Janet De-Botton

Bridge | 13 November 2014

Bridge | 13 November 2014
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It’s always good to know where you draw the line and my line, drawn in thick black ink, was going to China to play the World Championships. I last went to the Far East in 1997 and I’m still not fully over the jet lag. As Victor Silverstone told me in slightly less exotic Peterborough, ‘It’s a long way to go for a game of cards.’

Next up to Solihull (I know — the glamour) for the final weekend of the Premier League. We had been unceremoniously booted out of Division One last year and had to be in the top two to get promoted. Mission accomplished! This board, played by my teammate Tom Townsend, was much discussed later and even double-dummy it was hard to find a way home:

West led the ♣2. Ten tricks are tantalisingly close but the problem is that you can’t enjoy the King of Clubs unless you draw trumps, and if you draw trumps — you can’t get a Spade ruff in dummy.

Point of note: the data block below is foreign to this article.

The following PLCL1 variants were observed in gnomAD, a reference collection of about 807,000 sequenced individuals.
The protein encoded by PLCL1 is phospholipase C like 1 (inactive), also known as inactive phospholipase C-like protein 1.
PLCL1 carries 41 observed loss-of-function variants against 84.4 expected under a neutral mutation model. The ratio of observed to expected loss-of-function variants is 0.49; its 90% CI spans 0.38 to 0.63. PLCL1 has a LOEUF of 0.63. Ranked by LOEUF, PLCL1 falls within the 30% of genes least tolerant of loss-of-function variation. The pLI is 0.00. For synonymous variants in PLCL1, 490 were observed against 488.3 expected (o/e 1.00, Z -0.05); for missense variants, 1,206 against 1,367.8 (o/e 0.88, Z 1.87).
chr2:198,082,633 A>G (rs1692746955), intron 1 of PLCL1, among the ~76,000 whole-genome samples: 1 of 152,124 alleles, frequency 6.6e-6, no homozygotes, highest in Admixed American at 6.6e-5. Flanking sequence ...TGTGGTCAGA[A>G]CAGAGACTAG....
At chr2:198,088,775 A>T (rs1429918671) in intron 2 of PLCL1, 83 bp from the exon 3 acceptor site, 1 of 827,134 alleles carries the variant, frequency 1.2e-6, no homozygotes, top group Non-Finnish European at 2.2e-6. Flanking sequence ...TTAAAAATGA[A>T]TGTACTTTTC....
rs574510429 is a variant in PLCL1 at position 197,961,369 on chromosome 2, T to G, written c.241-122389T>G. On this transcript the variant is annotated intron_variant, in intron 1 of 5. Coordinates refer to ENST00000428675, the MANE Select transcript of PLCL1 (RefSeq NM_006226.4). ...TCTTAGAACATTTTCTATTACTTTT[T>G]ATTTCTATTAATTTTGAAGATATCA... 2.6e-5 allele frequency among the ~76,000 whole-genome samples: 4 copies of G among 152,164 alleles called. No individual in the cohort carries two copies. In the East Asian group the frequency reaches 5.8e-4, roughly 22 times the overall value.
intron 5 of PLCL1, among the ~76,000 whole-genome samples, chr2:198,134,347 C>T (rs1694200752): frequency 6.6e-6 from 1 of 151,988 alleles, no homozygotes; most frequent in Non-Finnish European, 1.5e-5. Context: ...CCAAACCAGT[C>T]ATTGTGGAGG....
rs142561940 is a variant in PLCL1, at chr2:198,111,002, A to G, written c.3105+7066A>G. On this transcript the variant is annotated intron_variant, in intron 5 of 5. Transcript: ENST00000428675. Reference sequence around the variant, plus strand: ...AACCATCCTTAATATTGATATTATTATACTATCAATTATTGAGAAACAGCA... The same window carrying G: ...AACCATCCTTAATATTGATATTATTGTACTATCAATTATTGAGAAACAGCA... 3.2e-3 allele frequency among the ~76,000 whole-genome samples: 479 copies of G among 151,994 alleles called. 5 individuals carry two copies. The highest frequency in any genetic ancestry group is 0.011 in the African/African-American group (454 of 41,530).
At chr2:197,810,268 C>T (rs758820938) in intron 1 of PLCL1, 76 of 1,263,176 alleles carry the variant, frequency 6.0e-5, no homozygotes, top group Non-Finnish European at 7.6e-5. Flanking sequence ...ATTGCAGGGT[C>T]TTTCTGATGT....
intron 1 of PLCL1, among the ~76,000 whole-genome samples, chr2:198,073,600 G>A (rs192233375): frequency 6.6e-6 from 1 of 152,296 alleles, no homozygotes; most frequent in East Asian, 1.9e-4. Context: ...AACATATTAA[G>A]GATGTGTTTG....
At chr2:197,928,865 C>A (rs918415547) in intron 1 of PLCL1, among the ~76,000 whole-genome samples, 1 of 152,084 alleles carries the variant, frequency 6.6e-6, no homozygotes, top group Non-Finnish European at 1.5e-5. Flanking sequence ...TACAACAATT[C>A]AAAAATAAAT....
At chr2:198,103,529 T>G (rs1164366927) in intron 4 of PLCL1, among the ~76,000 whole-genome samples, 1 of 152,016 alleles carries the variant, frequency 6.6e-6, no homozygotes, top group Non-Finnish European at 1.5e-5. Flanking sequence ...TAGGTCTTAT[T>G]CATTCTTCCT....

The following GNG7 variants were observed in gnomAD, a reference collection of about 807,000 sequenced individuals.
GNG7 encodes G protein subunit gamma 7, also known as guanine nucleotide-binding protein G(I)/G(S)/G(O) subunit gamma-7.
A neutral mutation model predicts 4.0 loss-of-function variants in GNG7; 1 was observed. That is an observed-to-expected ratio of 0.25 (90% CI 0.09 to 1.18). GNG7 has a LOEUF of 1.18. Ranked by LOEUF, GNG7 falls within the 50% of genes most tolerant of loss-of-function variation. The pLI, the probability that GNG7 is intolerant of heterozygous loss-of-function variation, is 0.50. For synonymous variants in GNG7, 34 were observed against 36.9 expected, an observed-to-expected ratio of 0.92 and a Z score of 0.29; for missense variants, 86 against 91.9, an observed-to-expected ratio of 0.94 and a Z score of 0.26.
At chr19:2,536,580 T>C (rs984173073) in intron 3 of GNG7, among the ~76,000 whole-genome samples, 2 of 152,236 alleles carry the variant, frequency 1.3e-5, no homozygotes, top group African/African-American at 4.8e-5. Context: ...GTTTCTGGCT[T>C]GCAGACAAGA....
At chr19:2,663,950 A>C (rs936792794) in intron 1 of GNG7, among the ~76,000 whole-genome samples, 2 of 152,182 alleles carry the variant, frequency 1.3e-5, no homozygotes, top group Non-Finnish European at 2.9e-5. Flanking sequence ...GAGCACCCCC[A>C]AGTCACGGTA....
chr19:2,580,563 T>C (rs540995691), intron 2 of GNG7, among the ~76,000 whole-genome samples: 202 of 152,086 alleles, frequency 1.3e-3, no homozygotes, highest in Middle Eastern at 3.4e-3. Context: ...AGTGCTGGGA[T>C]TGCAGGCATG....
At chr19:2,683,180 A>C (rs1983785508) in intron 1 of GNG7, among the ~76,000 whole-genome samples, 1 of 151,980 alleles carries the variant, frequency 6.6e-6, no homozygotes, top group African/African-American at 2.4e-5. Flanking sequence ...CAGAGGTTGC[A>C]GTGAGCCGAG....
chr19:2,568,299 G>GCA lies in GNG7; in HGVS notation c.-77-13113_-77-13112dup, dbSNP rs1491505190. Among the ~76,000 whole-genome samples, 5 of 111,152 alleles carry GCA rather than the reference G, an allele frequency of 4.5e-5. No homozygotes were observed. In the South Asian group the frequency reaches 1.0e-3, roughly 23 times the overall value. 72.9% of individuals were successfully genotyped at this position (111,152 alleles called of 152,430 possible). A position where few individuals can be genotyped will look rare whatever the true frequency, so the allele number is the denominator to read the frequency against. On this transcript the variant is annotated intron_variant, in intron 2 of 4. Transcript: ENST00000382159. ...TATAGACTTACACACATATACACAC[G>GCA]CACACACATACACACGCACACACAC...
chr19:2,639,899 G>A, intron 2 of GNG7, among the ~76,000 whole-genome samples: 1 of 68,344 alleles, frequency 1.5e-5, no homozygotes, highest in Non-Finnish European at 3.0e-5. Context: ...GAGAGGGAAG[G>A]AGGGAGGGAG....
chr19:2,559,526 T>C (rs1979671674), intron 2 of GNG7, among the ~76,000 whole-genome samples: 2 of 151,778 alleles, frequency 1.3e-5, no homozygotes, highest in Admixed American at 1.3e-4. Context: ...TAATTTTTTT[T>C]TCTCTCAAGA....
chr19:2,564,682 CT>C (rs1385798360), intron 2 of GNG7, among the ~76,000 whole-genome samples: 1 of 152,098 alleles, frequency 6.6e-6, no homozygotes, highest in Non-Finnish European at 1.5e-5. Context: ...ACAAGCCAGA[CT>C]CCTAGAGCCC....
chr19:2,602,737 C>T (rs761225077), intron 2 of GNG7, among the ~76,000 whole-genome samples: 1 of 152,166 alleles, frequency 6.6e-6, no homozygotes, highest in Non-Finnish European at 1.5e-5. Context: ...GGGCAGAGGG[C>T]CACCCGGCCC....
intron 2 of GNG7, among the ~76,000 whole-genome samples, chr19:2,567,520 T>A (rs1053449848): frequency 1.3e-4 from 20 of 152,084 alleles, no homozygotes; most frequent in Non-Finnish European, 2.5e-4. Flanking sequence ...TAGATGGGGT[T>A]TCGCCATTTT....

Hearts 2–2 makes it easy, but with Clubs 6–1 (confirmed by the bidding and the lead), West is much more likely to hold at least three Hearts.

Tom won the lead in dummy, cashed the two top Spades and ruffed a small Club with the Jack.

If West over-ruffs, it’s the end of the defence, so he discarded a spade. Next came a Spade ruff in dummy (with the eight) which was followed by the ♣King, discarding a Diamond from hand. West scored a small ruff, but was endplayed in three suits — including trumps. Unable to exit a Heart without losing his certain trick, he had the choice of leading away from the A or giving a ruff-and-sluff. Game made and promotion secured.